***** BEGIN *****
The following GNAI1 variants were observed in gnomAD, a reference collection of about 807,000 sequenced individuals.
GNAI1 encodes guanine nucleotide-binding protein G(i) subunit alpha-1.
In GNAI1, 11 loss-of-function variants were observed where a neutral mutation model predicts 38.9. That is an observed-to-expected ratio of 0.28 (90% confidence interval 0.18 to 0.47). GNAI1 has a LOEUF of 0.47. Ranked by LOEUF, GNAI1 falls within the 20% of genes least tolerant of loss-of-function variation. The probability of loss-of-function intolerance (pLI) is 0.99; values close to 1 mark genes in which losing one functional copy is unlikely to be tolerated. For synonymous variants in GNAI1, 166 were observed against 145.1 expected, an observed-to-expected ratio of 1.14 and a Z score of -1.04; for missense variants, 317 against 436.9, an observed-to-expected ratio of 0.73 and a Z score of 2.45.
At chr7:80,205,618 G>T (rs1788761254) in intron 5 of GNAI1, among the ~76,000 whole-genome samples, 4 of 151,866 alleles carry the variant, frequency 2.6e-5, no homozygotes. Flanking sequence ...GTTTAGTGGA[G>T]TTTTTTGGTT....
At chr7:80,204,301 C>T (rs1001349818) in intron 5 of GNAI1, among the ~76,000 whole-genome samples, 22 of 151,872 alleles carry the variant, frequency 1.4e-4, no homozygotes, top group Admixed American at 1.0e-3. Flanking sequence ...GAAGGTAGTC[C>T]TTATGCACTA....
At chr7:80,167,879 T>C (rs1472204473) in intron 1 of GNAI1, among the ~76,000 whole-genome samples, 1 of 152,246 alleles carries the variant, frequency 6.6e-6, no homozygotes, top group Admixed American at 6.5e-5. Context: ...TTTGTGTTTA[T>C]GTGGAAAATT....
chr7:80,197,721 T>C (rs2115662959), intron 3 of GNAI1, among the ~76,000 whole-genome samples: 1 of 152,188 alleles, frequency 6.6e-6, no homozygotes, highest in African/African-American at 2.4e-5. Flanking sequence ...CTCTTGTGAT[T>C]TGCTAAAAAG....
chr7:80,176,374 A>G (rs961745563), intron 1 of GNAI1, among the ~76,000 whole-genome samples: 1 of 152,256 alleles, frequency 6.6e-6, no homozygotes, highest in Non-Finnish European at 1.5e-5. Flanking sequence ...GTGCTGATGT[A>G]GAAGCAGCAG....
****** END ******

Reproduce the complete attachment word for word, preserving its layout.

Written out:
The following GNAI1 variants were observed in gnomAD, a reference collection of about 807,000 sequenced individuals.
GNAI1 encodes guanine nucleotide-binding protein G(i) subunit alpha-1.
In GNAI1, 11 loss-of-function variants were observed where a neutral mutation model predicts 38.9. That is an observed-to-expected ratio of 0.28 (90% confidence interval 0.18 to 0.47). GNAI1 has a LOEUF of 0.47. Ranked by LOEUF, GNAI1 falls within the 20% of genes least tolerant of loss-of-function variation. The probability of loss-of-function intolerance (pLI) is 0.99; values close to 1 mark genes in which losing one functional copy is unlikely to be tolerated. For synonymous variants in GNAI1, 166 were observed against 145.1 expected, an observed-to-expected ratio of 1.14 and a Z score of -1.04; for missense variants, 317 against 436.9, an observed-to-expected ratio of 0.73 and a Z score of 2.45.
At chr7:80,205,618 G>T (rs1788761254) in intron 5 of GNAI1, among the ~76,000 whole-genome samples, 4 of 151,866 alleles carry the variant, frequency 2.6e-5, no homozygotes. Flanking sequence ...GTTTAGTGGA[G>T]TTTTTTGGTT....
At chr7:80,204,301 C>T (rs1001349818) in intron 5 of GNAI1, among the ~76,000 whole-genome samples, 22 of 151,872 alleles carry the variant, frequency 1.4e-4, no homozygotes, top group Admixed American at 1.0e-3. Flanking sequence ...GAAGGTAGTC[C>T]TTATGCACTA....
At chr7:80,167,879 T>C (rs1472204473) in intron 1 of GNAI1, among the ~76,000 whole-genome samples, 1 of 152,246 alleles carries the variant, frequency 6.6e-6, no homozygotes, top group Admixed American at 6.5e-5. Context: ...TTTGTGTTTA[T>C]GTGGAAAATT....
chr7:80,197,721 T>C (rs2115662959), intron 3 of GNAI1, among the ~76,000 whole-genome samples: 1 of 152,188 alleles, frequency 6.6e-6, no homozygotes, highest in African/African-American at 2.4e-5. Flanking sequence ...CTCTTGTGAT[T>C]TGCTAAAAAG....
chr7:80,176,374 A>G (rs961745563), intron 1 of GNAI1, among the ~76,000 whole-genome samples: 1 of 152,256 alleles, frequency 6.6e-6, no homozygotes, highest in Non-Finnish European at 1.5e-5. Flanking sequence ...GTGCTGATGT[A>G]GAAGCAGCAG....